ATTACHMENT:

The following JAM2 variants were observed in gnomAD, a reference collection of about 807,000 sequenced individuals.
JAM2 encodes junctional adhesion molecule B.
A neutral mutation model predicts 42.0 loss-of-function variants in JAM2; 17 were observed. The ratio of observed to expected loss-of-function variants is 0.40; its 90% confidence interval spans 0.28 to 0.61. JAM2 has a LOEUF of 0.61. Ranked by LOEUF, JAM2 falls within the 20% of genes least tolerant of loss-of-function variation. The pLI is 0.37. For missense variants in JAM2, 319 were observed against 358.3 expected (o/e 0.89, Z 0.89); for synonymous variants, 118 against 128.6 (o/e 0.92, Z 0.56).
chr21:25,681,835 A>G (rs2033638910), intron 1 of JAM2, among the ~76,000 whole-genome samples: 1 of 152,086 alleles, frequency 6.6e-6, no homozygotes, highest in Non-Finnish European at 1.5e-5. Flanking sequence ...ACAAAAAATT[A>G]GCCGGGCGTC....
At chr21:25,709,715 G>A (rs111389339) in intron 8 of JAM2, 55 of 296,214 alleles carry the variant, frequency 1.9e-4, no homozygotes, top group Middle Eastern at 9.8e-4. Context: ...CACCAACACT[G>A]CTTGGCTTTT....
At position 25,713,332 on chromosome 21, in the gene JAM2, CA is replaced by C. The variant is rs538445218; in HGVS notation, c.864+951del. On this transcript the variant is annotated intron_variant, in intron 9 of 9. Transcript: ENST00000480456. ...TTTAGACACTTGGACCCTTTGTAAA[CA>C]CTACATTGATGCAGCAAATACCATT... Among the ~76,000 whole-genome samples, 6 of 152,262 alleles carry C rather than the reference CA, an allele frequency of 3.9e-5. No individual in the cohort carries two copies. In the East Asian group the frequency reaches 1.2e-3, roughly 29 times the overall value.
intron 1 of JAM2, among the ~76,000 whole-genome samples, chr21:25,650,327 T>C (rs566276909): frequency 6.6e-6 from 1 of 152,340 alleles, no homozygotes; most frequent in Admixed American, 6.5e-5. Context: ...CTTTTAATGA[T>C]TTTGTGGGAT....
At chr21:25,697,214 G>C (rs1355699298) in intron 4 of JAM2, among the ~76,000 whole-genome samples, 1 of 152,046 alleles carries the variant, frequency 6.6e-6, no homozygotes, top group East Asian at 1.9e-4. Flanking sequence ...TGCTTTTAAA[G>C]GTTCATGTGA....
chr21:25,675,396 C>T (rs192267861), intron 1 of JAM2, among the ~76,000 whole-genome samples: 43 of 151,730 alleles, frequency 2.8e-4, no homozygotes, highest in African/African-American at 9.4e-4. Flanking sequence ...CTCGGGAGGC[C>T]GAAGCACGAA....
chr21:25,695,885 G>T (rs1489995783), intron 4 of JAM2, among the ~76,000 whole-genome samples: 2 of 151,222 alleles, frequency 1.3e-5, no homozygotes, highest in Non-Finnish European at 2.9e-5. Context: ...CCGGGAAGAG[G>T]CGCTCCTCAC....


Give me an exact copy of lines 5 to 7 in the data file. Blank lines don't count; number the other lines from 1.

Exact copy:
At chr21:25,709,715 G>A (rs111389339) in intron 8 of JAM2, 55 of 296,214 alleles carry the variant, frequency 1.9e-4, no homozygotes, top group Middle Eastern at 9.8e-4. Context: ...CACCAACACT[G>A]CTTGGCTTTT....
At position 25,713,332 on chromosome 21, in the gene JAM2, CA is replaced by C. The variant is rs538445218; in HGVS notation, c.864+951del. On this transcript the variant is annotated intron_variant, in intron 9 of 9. Transcript: ENST00000480456. ...TTTAGACACTTGGACCCTTTGTAAA[CA>C]CTACATTGATGCAGCAAATACCATT... Among the ~76,000 whole-genome samples, 6 of 152,262 alleles carry C rather than the reference CA, an allele frequency of 3.9e-5. No individual in the cohort carries two copies. In the East Asian group the frequency reaches 1.2e-3, roughly 29 times the overall value.
intron 1 of JAM2, among the ~76,000 whole-genome samples, chr21:25,650,327 T>C (rs566276909): frequency 6.6e-6 from 1 of 152,340 alleles, no homozygotes; most frequent in Admixed American, 6.5e-5. Context: ...CTTTTAATGA[T>C]TTTGTGGGAT....